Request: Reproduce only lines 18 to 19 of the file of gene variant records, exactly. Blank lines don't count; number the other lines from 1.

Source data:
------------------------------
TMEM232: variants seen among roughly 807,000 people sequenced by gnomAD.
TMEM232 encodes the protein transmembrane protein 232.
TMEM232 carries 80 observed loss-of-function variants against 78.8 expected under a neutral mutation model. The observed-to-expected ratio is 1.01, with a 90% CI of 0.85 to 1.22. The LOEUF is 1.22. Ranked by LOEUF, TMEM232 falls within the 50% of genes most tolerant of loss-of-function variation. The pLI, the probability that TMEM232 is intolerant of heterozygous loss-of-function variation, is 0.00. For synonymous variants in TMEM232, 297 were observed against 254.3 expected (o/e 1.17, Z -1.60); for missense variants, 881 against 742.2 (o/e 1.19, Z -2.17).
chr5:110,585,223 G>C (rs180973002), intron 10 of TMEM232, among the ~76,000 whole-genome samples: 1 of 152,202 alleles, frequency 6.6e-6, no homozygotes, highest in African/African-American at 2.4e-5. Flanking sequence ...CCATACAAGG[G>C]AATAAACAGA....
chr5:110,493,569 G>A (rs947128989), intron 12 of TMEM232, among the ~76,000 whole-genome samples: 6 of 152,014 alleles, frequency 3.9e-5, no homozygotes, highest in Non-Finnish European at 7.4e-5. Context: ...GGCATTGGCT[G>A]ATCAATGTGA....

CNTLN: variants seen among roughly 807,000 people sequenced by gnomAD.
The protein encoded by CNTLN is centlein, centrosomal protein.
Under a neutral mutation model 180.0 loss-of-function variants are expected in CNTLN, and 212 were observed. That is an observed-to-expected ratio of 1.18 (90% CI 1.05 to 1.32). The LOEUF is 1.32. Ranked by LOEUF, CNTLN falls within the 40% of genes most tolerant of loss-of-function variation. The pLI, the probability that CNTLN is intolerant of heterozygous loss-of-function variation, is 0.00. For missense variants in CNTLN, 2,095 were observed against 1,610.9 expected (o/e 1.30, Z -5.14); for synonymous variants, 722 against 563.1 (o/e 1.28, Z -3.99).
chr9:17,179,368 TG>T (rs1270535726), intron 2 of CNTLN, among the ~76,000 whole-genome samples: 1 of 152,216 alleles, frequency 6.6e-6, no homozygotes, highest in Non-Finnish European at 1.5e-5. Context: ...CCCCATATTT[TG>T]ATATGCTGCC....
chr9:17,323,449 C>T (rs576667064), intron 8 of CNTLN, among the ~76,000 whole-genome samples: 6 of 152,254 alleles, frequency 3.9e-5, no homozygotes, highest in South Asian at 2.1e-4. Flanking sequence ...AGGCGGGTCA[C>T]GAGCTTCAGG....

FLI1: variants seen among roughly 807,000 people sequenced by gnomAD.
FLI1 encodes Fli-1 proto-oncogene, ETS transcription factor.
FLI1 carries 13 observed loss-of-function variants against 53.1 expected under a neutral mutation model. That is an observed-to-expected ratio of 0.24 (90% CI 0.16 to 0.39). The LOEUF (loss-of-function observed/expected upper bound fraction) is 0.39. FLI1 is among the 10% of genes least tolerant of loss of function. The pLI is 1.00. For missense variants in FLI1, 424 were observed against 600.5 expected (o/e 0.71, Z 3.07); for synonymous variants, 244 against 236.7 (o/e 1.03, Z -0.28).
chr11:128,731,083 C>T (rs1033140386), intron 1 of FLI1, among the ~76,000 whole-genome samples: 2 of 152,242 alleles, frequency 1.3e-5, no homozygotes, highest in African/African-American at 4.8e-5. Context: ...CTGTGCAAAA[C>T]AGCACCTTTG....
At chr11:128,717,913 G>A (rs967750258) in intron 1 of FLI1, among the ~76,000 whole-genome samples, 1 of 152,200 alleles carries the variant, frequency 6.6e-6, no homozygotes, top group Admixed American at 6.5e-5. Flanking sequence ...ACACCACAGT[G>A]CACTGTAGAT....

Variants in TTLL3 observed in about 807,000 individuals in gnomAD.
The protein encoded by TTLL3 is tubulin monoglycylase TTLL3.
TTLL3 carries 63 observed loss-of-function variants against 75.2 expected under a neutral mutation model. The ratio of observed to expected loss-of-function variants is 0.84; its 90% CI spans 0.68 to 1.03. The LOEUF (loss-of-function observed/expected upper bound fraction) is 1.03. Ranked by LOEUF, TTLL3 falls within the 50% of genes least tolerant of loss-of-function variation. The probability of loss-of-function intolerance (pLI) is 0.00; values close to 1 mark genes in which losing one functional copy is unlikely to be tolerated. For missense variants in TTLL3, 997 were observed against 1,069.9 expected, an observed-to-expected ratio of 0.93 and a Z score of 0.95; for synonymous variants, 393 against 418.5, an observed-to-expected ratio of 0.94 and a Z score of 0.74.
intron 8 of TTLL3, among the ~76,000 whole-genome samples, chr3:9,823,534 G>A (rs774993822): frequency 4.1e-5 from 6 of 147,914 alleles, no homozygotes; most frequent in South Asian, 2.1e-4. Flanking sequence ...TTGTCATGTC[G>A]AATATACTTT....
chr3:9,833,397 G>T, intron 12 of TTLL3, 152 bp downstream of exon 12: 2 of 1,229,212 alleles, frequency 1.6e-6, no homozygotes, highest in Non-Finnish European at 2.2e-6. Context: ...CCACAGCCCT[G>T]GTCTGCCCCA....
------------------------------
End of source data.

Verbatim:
TTLL3 carries 63 observed loss-of-function variants against 75.2 expected under a neutral mutation model. The ratio of observed to expected loss-of-function variants is 0.84; its 90% CI spans 0.68 to 1.03. The LOEUF (loss-of-function observed/expected upper bound fraction) is 1.03. Ranked by LOEUF, TTLL3 falls within the 50% of genes least tolerant of loss-of-function variation. The probability of loss-of-function intolerance (pLI) is 0.00; values close to 1 mark genes in which losing one functional copy is unlikely to be tolerated. For missense variants in TTLL3, 997 were observed against 1,069.9 expected, an observed-to-expected ratio of 0.93 and a Z score of 0.95; for synonymous variants, 393 against 418.5, an observed-to-expected ratio of 0.94 and a Z score of 0.74.
intron 8 of TTLL3, among the ~76,000 whole-genome samples, chr3:9,823,534 G>A (rs774993822): frequency 4.1e-5 from 6 of 147,914 alleles, no homozygotes; most frequent in South Asian, 2.1e-4. Flanking sequence ...TTGTCATGTC[G>A]AATATACTTT....